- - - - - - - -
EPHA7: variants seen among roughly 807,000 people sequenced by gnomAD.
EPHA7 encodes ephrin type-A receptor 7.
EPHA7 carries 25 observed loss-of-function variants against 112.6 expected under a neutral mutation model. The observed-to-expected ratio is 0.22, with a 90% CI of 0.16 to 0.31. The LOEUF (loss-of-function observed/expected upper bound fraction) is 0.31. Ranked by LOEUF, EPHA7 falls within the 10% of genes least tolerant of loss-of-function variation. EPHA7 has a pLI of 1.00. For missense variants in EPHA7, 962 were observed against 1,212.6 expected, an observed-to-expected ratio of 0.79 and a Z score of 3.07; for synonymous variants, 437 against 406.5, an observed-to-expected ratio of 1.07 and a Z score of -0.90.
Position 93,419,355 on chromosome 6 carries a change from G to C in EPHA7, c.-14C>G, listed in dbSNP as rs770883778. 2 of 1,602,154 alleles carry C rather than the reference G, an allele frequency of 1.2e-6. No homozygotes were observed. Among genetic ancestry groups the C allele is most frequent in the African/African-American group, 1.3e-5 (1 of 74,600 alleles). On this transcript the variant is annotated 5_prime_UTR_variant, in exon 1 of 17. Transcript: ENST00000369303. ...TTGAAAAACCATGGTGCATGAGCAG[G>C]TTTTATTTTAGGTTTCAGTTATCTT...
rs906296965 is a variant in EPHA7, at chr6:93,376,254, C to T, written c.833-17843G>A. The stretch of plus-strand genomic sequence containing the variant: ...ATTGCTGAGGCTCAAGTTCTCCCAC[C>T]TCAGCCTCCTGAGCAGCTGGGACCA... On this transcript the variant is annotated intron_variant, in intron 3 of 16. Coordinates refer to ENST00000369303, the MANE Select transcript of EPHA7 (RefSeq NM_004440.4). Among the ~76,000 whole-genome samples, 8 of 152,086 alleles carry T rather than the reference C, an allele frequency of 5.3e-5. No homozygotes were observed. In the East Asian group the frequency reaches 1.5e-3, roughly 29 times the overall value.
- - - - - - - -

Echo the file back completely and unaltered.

EPHA7: variants seen among roughly 807,000 people sequenced by gnomAD.
EPHA7 encodes ephrin type-A receptor 7.
EPHA7 carries 25 observed loss-of-function variants against 112.6 expected under a neutral mutation model. The observed-to-expected ratio is 0.22, with a 90% CI of 0.16 to 0.31. The LOEUF (loss-of-function observed/expected upper bound fraction) is 0.31. Ranked by LOEUF, EPHA7 falls within the 10% of genes least tolerant of loss-of-function variation. EPHA7 has a pLI of 1.00. For missense variants in EPHA7, 962 were observed against 1,212.6 expected, an observed-to-expected ratio of 0.79 and a Z score of 3.07; for synonymous variants, 437 against 406.5, an observed-to-expected ratio of 1.07 and a Z score of -0.90.
Position 93,419,355 on chromosome 6 carries a change from G to C in EPHA7, c.-14C>G, listed in dbSNP as rs770883778. 2 of 1,602,154 alleles carry C rather than the reference G, an allele frequency of 1.2e-6. No homozygotes were observed. Among genetic ancestry groups the C allele is most frequent in the African/African-American group, 1.3e-5 (1 of 74,600 alleles). On this transcript the variant is annotated 5_prime_UTR_variant, in exon 1 of 17. Transcript: ENST00000369303. ...TTGAAAAACCATGGTGCATGAGCAG[G>C]TTTTATTTTAGGTTTCAGTTATCTT...
rs906296965 is a variant in EPHA7, at chr6:93,376,254, C to T, written c.833-17843G>A. The stretch of plus-strand genomic sequence containing the variant: ...ATTGCTGAGGCTCAAGTTCTCCCAC[C>T]TCAGCCTCCTGAGCAGCTGGGACCA... On this transcript the variant is annotated intron_variant, in intron 3 of 16. Coordinates refer to ENST00000369303, the MANE Select transcript of EPHA7 (RefSeq NM_004440.4). Among the ~76,000 whole-genome samples, 8 of 152,086 alleles carry T rather than the reference C, an allele frequency of 5.3e-5. No homozygotes were observed. In the East Asian group the frequency reaches 1.5e-3, roughly 29 times the overall value.